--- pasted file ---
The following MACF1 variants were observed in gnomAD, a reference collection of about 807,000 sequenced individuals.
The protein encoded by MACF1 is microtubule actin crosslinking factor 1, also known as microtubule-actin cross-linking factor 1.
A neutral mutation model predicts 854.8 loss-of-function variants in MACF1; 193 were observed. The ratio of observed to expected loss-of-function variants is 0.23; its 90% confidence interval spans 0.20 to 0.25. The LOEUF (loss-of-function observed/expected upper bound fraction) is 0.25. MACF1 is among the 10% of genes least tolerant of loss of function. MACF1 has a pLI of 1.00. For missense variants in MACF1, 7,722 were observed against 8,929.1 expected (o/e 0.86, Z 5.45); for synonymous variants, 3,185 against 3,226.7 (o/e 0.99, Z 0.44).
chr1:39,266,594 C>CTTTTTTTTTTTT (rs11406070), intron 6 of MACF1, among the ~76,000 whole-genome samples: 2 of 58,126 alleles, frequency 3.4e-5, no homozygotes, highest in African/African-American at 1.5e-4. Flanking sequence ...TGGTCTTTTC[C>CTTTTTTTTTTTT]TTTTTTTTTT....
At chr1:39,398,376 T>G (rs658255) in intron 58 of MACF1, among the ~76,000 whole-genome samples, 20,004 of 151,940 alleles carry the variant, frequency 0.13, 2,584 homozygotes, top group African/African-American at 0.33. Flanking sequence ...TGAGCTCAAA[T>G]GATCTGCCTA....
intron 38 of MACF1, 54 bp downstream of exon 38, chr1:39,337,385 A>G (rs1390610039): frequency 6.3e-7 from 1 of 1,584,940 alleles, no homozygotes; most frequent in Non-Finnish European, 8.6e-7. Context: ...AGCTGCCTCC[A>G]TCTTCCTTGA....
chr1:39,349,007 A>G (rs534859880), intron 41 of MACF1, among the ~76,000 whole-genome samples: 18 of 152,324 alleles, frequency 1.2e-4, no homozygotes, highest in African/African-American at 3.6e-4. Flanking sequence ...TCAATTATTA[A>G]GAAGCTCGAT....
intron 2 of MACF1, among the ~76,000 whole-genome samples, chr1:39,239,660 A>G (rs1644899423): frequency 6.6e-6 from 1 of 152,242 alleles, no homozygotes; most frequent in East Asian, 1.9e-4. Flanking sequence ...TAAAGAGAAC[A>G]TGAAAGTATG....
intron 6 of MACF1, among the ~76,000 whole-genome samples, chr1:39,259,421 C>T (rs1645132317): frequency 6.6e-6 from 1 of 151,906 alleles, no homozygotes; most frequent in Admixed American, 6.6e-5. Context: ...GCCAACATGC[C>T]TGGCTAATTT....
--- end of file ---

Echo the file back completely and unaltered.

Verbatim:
The following MACF1 variants were observed in gnomAD, a reference collection of about 807,000 sequenced individuals.
The protein encoded by MACF1 is microtubule actin crosslinking factor 1, also known as microtubule-actin cross-linking factor 1.
A neutral mutation model predicts 854.8 loss-of-function variants in MACF1; 193 were observed. The ratio of observed to expected loss-of-function variants is 0.23; its 90% confidence interval spans 0.20 to 0.25. The LOEUF (loss-of-function observed/expected upper bound fraction) is 0.25. MACF1 is among the 10% of genes least tolerant of loss of function. MACF1 has a pLI of 1.00. For missense variants in MACF1, 7,722 were observed against 8,929.1 expected (o/e 0.86, Z 5.45); for synonymous variants, 3,185 against 3,226.7 (o/e 0.99, Z 0.44).
chr1:39,266,594 C>CTTTTTTTTTTTT (rs11406070), intron 6 of MACF1, among the ~76,000 whole-genome samples: 2 of 58,126 alleles, frequency 3.4e-5, no homozygotes, highest in African/African-American at 1.5e-4. Flanking sequence ...TGGTCTTTTC[C>CTTTTTTTTTTTT]TTTTTTTTTT....
At chr1:39,398,376 T>G (rs658255) in intron 58 of MACF1, among the ~76,000 whole-genome samples, 20,004 of 151,940 alleles carry the variant, frequency 0.13, 2,584 homozygotes, top group African/African-American at 0.33. Flanking sequence ...TGAGCTCAAA[T>G]GATCTGCCTA....
intron 38 of MACF1, 54 bp downstream of exon 38, chr1:39,337,385 A>G (rs1390610039): frequency 6.3e-7 from 1 of 1,584,940 alleles, no homozygotes; most frequent in Non-Finnish European, 8.6e-7. Context: ...AGCTGCCTCC[A>G]TCTTCCTTGA....
chr1:39,349,007 A>G (rs534859880), intron 41 of MACF1, among the ~76,000 whole-genome samples: 18 of 152,324 alleles, frequency 1.2e-4, no homozygotes, highest in African/African-American at 3.6e-4. Flanking sequence ...TCAATTATTA[A>G]GAAGCTCGAT....
intron 2 of MACF1, among the ~76,000 whole-genome samples, chr1:39,239,660 A>G (rs1644899423): frequency 6.6e-6 from 1 of 152,242 alleles, no homozygotes; most frequent in East Asian, 1.9e-4. Flanking sequence ...TAAAGAGAAC[A>G]TGAAAGTATG....
intron 6 of MACF1, among the ~76,000 whole-genome samples, chr1:39,259,421 C>T (rs1645132317): frequency 6.6e-6 from 1 of 151,906 alleles, no homozygotes; most frequent in Admixed American, 6.6e-5. Context: ...GCCAACATGC[C>T]TGGCTAATTT....